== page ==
-- Seng-ts’an, Third Zen Patriarch
In this chapter, Pema suggests that noticing our opinions as opinions, just like noting our thoughts as "thinking", can be extremely helpful. IMHO, this chapter, in itself, can be transformative.
I had been meditating on and off for over twenty years, attended a couple of Zen Sesshins, and had some fairly compelling experiences both on and off the zafu, before I was introduced to "noting practice" by a teacher trained in the Theravadan tradition. To be honest, the instruction to make the mental note "thinking" when noticing that thoughts are dominating my attention seemed quite clunky and unnecessary. (Likewise, the instruction to label other sensations, feelings, etc.) I shrugged it off, and spent the remainder of the seven day retreat at Insight Meditation Society practicing Shikantaza, the Soto Zen practice of Just Sitting.
It was another ten years before I was re-introduced to this instruction in the teachings of Pema Chodron. This time it took -- and it took me deeper. With her teaching to pay close attention to the tone of voice that we use as we make this mental note, a new dimension of practice opened as well. I was able to actually cultivate a kinder, calmer, less judgmental quality of consciousness toward myself -- and others. The noting practice became a regular part of Sitting Practice.
Now, I've seen for myself clearly how we create the appearance of a solid reality out of thin air. Lost in our thoughts, as we often are, the vast and flowing sacredness of Life As It Is, escapes us. Instead, we are imprisoned, oftentimes in a non-existent past or future, in a world created out of a haphazard hodgepodge of concepts, beliefs, and opinions about life. Now, both on and off the meditation cushion, the mental note "thinking" can open the way to a moment that is brimming with the miraculous Presence of life itself.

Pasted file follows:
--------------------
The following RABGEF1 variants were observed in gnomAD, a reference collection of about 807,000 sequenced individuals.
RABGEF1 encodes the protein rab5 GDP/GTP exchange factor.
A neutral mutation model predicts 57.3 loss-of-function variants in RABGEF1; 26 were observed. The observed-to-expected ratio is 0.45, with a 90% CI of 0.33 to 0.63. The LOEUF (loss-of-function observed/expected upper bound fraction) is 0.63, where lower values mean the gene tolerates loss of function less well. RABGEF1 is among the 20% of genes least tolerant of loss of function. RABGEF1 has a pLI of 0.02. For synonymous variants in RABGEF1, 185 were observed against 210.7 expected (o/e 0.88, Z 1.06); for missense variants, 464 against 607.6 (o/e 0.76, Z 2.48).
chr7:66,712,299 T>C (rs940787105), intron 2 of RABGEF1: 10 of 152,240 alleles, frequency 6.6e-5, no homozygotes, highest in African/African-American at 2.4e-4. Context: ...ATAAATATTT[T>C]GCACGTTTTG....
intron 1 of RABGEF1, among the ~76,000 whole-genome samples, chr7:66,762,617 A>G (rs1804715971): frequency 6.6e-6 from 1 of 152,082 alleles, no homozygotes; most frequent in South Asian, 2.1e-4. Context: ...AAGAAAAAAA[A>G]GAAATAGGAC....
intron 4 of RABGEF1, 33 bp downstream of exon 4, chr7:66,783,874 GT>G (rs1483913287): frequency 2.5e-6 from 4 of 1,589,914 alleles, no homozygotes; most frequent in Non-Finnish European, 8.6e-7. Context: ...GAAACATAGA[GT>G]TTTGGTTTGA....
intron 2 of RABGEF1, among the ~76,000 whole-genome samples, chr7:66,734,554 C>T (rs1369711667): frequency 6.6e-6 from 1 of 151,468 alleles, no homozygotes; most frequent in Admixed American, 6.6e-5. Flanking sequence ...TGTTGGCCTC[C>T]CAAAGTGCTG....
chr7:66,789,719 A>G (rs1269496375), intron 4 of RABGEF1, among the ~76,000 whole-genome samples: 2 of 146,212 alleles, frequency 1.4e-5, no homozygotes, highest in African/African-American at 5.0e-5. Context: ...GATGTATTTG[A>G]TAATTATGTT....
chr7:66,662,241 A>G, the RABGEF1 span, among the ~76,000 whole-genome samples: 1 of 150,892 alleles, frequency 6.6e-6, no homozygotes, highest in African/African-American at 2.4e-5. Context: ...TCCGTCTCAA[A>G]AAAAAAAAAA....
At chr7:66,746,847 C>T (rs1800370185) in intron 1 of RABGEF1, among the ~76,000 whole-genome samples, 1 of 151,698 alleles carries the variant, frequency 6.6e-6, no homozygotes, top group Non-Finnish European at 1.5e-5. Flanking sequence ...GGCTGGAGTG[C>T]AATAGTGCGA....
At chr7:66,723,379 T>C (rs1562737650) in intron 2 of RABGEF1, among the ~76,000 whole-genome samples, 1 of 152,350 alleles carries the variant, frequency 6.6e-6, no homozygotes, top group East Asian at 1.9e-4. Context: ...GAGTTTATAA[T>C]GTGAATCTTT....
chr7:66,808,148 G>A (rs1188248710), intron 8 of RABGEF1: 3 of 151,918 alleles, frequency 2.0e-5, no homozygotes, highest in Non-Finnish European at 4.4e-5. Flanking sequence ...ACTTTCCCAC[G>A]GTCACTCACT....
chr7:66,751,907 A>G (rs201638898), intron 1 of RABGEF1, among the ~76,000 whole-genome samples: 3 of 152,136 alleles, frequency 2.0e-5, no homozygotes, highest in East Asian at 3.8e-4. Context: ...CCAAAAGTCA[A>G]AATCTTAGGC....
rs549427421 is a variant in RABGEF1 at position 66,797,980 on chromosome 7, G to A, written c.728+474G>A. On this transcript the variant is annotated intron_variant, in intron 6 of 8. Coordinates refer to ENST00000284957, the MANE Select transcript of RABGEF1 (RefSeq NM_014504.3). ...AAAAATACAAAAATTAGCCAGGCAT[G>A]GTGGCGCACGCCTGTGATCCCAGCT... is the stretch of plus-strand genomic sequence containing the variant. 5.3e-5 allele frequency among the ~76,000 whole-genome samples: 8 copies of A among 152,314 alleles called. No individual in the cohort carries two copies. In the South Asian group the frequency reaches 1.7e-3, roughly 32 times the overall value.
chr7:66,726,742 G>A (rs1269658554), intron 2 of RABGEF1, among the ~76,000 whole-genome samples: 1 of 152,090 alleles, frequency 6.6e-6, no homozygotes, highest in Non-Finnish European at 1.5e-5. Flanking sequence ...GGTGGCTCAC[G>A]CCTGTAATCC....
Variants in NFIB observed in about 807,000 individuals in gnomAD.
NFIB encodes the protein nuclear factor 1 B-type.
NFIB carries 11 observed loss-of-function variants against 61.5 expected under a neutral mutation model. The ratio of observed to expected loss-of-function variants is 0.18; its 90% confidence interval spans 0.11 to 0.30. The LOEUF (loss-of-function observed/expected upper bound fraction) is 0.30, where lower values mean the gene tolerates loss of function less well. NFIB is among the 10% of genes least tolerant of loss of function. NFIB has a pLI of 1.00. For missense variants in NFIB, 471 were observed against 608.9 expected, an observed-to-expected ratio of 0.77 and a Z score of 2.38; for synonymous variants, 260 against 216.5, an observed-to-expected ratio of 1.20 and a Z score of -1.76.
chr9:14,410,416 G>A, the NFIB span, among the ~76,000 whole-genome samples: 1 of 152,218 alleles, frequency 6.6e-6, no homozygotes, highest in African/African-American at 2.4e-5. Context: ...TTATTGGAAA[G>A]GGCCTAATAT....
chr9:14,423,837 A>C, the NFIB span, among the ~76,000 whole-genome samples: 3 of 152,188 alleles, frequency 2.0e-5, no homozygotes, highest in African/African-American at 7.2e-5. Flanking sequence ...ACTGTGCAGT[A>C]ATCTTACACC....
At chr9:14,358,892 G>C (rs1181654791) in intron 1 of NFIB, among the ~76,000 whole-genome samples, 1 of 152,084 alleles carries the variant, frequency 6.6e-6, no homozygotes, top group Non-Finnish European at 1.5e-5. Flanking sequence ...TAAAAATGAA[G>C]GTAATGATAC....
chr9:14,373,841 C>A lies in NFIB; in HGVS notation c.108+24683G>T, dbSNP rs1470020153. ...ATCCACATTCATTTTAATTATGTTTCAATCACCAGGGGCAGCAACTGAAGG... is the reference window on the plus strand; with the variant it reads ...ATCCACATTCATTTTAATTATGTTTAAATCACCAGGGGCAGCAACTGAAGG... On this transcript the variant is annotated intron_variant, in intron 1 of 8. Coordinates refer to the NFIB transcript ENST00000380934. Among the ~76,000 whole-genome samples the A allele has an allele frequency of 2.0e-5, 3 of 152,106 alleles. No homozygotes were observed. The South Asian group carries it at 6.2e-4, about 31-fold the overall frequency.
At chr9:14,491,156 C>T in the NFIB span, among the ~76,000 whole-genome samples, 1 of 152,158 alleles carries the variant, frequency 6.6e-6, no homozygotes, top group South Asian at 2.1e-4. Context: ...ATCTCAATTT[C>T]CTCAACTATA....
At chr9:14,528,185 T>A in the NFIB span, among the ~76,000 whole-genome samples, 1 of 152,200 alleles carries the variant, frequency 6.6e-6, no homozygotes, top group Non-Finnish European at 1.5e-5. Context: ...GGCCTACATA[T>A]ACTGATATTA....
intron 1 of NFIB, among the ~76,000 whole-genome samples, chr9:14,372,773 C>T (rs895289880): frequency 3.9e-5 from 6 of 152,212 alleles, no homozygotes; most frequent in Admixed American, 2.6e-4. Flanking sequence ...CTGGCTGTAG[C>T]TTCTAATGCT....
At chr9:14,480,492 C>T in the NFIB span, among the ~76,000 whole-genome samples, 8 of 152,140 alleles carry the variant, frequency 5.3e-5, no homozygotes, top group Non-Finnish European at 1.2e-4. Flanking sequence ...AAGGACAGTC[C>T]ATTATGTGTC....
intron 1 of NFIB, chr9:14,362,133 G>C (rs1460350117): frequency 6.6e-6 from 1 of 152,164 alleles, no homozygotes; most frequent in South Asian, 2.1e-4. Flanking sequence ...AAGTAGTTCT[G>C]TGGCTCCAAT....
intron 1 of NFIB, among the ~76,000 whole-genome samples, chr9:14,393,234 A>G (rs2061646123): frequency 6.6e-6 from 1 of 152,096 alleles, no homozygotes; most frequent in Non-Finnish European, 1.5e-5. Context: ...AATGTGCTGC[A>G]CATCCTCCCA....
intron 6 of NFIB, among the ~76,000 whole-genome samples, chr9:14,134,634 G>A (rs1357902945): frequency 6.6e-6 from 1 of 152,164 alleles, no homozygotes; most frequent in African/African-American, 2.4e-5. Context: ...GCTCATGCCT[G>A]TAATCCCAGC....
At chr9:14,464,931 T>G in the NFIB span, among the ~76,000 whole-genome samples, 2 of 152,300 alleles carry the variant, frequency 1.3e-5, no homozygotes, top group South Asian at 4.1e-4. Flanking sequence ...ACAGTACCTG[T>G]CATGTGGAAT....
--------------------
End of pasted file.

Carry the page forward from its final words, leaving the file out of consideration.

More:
A Day's Lesson: The Theory and Practice
As it turned out, I ran into an old Zen DharmaBuddhy on the bus that day. Together, we headed to the coffee shop to continue the discussion. As the conversation turned to the current Presidential campaign, all hell could have broken loose.
Having just read Pema's presentation, I was primed to see my opinions as just opinions. It was easy to see how clinging to them as some sort of absolute truth would have help create something quite different than the interesting discussion that emerged. Again and again, I was able to let go of my own strong, well-rehearsed positions, take a breath, and let go into the moment. There, I could feel my friend's deep caring, his sincerity, and his concern. There, I could even see the logic of several of his arguments.
Rather than adding more aggression to the world, the inevitable result of ego-clinging, the Practice allowed us to touch a bit of Basic Intelligence. In doing that, we channeled a bit more respect and understanding into this old suffering world.
I like it when that happens.
*Internet jargon for "In My Humble Opinion"